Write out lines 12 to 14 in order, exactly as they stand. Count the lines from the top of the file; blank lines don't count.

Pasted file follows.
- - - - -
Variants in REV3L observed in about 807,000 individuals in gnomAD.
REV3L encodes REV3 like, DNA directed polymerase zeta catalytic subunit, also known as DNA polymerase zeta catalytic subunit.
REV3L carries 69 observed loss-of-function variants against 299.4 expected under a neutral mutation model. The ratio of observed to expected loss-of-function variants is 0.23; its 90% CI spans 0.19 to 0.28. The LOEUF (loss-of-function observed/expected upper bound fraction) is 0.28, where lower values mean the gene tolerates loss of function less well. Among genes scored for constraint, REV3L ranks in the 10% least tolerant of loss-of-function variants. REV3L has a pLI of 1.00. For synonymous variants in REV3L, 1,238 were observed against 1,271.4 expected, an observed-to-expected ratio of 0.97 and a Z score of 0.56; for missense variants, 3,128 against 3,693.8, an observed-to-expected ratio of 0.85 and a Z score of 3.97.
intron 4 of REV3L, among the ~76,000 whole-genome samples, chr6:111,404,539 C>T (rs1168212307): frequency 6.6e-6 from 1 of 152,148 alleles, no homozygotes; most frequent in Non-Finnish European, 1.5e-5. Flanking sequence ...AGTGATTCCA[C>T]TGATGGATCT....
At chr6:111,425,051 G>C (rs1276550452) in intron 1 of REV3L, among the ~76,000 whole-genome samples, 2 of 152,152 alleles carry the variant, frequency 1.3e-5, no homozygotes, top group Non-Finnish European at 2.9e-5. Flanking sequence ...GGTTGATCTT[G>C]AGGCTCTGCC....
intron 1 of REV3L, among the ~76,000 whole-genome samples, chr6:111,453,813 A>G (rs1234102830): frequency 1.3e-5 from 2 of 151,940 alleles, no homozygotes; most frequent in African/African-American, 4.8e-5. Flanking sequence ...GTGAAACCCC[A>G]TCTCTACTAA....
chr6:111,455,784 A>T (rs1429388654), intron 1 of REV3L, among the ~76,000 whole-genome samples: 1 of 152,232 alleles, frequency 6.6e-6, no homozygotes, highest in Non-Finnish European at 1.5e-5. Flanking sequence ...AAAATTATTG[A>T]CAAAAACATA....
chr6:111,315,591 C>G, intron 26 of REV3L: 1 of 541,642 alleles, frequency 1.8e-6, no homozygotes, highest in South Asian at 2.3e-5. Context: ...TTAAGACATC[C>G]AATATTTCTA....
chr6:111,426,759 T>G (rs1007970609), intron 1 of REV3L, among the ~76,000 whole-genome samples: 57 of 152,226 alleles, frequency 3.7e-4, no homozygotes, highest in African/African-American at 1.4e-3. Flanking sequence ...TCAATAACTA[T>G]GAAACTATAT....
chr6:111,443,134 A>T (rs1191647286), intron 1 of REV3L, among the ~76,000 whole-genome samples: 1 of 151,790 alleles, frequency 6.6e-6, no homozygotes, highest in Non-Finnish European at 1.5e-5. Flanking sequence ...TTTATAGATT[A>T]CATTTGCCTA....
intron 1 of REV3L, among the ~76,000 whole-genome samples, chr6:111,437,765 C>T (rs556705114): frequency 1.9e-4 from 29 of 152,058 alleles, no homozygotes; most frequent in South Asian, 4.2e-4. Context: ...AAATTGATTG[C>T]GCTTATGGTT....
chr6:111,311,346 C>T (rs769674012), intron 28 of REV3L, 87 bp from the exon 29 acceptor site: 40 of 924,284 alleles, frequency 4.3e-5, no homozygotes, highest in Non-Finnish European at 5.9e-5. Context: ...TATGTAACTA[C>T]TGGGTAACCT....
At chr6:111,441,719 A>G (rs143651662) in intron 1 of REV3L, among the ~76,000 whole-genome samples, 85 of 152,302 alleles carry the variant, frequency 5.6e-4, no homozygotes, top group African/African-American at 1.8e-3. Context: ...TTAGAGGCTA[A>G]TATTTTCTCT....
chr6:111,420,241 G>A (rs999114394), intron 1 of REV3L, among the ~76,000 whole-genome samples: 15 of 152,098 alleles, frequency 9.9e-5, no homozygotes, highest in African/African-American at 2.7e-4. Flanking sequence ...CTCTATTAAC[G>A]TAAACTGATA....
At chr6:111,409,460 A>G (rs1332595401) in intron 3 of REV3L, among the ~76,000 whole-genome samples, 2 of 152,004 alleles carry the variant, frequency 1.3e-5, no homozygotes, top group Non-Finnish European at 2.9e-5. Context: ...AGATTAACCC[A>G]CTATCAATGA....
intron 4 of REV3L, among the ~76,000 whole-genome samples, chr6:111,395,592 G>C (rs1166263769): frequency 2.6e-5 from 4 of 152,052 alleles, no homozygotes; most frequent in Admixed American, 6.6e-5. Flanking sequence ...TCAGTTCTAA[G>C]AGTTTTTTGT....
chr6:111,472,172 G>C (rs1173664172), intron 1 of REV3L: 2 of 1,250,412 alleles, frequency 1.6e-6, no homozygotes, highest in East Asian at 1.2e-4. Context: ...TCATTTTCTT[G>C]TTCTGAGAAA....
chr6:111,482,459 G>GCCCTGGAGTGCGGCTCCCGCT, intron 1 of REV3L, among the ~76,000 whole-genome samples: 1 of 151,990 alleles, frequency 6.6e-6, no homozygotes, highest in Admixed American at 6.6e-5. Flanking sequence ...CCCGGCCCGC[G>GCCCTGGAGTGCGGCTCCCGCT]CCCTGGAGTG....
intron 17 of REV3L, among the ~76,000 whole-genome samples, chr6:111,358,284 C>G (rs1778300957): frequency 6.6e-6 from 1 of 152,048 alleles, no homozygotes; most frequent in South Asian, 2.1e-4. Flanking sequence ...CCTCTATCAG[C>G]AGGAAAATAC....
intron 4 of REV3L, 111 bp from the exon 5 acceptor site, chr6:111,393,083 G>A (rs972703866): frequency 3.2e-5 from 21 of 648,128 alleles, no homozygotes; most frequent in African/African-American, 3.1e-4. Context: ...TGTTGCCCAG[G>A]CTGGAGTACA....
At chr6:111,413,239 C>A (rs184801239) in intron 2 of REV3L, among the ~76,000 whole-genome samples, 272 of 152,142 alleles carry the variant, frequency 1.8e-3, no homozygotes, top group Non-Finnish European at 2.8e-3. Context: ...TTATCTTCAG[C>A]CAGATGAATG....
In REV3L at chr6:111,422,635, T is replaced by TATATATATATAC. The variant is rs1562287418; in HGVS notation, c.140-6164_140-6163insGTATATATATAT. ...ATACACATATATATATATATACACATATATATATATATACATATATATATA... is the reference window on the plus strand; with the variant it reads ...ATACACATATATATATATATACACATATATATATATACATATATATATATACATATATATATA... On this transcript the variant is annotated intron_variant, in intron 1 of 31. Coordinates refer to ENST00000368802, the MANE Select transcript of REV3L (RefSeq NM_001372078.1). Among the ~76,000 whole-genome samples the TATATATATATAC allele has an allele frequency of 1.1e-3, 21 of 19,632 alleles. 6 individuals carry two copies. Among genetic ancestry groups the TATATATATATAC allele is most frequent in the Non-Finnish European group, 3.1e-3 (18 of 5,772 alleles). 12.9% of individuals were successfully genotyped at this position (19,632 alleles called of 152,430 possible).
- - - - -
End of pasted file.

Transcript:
chr6:111,311,346 C>T (rs769674012), intron 28 of REV3L, 87 bp from the exon 29 acceptor site: 40 of 924,284 alleles, frequency 4.3e-5, no homozygotes, highest in Non-Finnish European at 5.9e-5. Context: ...TATGTAACTA[C>T]TGGGTAACCT....
At chr6:111,441,719 A>G (rs143651662) in intron 1 of REV3L, among the ~76,000 whole-genome samples, 85 of 152,302 alleles carry the variant, frequency 5.6e-4, no homozygotes, top group African/African-American at 1.8e-3. Context: ...TTAGAGGCTA[A>G]TATTTTCTCT....
chr6:111,420,241 G>A (rs999114394), intron 1 of REV3L, among the ~76,000 whole-genome samples: 15 of 152,098 alleles, frequency 9.9e-5, no homozygotes, highest in African/African-American at 2.7e-4. Flanking sequence ...CTCTATTAAC[G>A]TAAACTGATA....